25 miles north of Buffalo NY, USA

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                  • #69
                    Older corded Milwaukee (about 15 to 20years ago) were not perfect either. Had one at work shear off the chuck spindle inside the gearbox. Looked like a "spun friction butt weld" that failed.... no fracture, just two nearly if not totally flat surfaces. Chuck and part of the spindle fell out the front. It had a 1/2" drill chuck, was using the thing to drill a 1/4" hole in aluminum, IIRC. The drill had been in use a couple months, maybe.
                    CNC machines only go through the motions

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                    • #70
                      The only thing price comparable that Milwaukee had to my DeWalts in the sale was those drills and impacts that the battery's slipped into the handle,,, I can guarantee you my DeWalts would twist them things into a pretzel those things look like a joke to me.... fine for my grandpa but he's been dead for decades now...

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                      • #71
                        The new Bosh drills come with a brushless motor on a 18V lithium pack that has kick back protection. The older one would twist your wrist when using a 13mm drill. This one will stop the motor instantly. The clutch system when screw drive is selected will also stop the motor on the setting after 2 clicks. This only happens on the fwd motion. This is quite a nice feature as the screws will end up with the same torque. On the reverse motion, since normally you're unscrewing, it will carry on running.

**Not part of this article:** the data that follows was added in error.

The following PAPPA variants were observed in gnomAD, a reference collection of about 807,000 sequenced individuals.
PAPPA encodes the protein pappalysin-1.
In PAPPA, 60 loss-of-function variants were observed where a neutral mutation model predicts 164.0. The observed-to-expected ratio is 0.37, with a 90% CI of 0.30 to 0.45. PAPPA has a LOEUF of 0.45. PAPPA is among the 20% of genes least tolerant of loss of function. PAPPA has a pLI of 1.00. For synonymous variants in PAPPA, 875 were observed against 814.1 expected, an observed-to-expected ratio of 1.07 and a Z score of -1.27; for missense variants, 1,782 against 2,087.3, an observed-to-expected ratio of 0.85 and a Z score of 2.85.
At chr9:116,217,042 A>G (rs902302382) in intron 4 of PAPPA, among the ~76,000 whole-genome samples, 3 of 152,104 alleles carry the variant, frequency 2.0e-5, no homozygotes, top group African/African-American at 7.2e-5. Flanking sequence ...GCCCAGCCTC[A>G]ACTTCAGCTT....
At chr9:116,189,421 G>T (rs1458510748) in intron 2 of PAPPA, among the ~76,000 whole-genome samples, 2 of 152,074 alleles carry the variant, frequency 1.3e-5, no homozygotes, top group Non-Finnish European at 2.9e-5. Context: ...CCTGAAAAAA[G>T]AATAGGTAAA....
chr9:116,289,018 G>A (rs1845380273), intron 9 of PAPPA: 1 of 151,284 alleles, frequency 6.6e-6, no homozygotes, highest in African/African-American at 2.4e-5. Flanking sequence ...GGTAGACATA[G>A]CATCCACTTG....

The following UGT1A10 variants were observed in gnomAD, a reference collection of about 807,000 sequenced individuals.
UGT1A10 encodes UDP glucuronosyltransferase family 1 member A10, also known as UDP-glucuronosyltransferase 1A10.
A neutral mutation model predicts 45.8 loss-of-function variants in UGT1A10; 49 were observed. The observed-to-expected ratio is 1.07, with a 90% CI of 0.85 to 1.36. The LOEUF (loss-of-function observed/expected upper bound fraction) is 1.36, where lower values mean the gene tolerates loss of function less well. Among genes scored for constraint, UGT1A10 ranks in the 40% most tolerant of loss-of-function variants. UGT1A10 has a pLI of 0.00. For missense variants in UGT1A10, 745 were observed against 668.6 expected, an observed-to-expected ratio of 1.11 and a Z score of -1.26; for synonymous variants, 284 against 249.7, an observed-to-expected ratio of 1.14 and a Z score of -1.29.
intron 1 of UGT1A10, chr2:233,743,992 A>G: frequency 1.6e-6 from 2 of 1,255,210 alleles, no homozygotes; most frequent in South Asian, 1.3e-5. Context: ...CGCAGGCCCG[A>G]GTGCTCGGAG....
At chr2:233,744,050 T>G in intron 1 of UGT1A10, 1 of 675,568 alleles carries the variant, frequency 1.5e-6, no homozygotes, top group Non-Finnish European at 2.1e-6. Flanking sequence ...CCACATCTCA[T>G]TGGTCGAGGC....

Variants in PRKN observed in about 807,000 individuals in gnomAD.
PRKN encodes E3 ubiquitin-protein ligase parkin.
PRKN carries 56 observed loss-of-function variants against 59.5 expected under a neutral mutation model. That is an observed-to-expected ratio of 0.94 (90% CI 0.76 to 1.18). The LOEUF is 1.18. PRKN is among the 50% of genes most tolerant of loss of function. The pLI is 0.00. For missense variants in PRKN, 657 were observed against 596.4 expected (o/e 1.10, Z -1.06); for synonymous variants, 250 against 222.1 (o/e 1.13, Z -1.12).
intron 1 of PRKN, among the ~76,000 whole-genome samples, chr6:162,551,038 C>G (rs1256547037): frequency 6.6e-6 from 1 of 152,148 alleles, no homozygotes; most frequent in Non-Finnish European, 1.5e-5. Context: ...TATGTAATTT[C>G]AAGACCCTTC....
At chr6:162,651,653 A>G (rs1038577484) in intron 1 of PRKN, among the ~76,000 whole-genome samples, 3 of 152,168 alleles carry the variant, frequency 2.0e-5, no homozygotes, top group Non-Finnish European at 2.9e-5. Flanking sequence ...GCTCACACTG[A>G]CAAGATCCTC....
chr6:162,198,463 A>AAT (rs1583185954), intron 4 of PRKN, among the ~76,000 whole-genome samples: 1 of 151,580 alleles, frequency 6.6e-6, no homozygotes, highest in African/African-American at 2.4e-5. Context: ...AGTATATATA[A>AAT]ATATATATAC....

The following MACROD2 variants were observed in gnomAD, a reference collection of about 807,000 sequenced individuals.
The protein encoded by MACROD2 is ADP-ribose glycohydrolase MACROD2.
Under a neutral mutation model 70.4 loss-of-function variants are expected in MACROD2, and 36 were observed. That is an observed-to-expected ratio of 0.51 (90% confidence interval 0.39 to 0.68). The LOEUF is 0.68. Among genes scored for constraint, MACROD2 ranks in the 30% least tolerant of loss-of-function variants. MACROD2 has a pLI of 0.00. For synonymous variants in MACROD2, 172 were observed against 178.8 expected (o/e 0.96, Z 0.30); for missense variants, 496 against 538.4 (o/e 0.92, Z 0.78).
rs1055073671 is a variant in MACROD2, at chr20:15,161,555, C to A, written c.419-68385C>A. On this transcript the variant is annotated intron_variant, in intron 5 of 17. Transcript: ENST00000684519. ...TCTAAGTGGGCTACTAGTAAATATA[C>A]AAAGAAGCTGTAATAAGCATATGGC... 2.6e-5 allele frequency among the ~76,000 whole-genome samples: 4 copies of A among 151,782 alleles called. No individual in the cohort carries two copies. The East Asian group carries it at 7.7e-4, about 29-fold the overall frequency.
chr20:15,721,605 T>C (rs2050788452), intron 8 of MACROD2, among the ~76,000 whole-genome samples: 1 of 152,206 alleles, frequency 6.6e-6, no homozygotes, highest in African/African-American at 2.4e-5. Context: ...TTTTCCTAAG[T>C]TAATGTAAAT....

What I don't know is what is the use of the optional Bluetooth capability. Just more things to go wrong, I suppose otherwise it's quite a nice machine.
                        Helder Ferreira
                        Setubal, Portugal

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                        • #72
                          Originally posted by Noitoen View Post
                          The new Bosh drills come with a brushless motor on a 18V lithium pack that has kick back protection. The older one would twist your wrist when using a 13mm drill. This one will stop the motor instantly. The clutch system when screw drive is selected will also stop the motor on the setting after 2 clicks. This only happens on the fwd motion. This is quite a nice feature as the screws will end up with the same torque. On the reverse motion, since normally you're unscrewing, it will carry on running.
                          that's indeed a nice touch --- if it does not cause any trouble

                          What I don't know is what is the use of the optional Bluetooth capability. Just more things to go wrong, I suppose otherwise it's quite a nice machine.
                          Agreed --- WTH is that for does anyone know? I really hate all this intervention of crap like this, on a drill? why?

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                          • #73
                            Originally posted by garyhlucas View Post
                            Well I am totally disgusted with Milwaukee right now after buying 3 tools for my job. The drill can't hold the bit no how, every bit is now chewed up. .
                            So it seems I'm not the lone ranger irked by this unscheduled machining.

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                            • #74
                              Originally posted by A.K. Boomer View Post
                              that's indeed a nice touch --- if it does not cause any trouble

                              Agreed --- WTH is that for does anyone know? I really hate all this intervention of crap like this, on a drill? why?
                              So that they can justify their smart phones.
                              Home, down in the valley behind the Red Angus
                              Bad Decisions Make Good Stories​

                              Location: British Columbia

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                              • #75
                                Originally posted by Willy View Post

                                So that they can justify their smart phones.
                                What's really sad is some day you might have to own a smart phone just to operate it, that's the way things are going,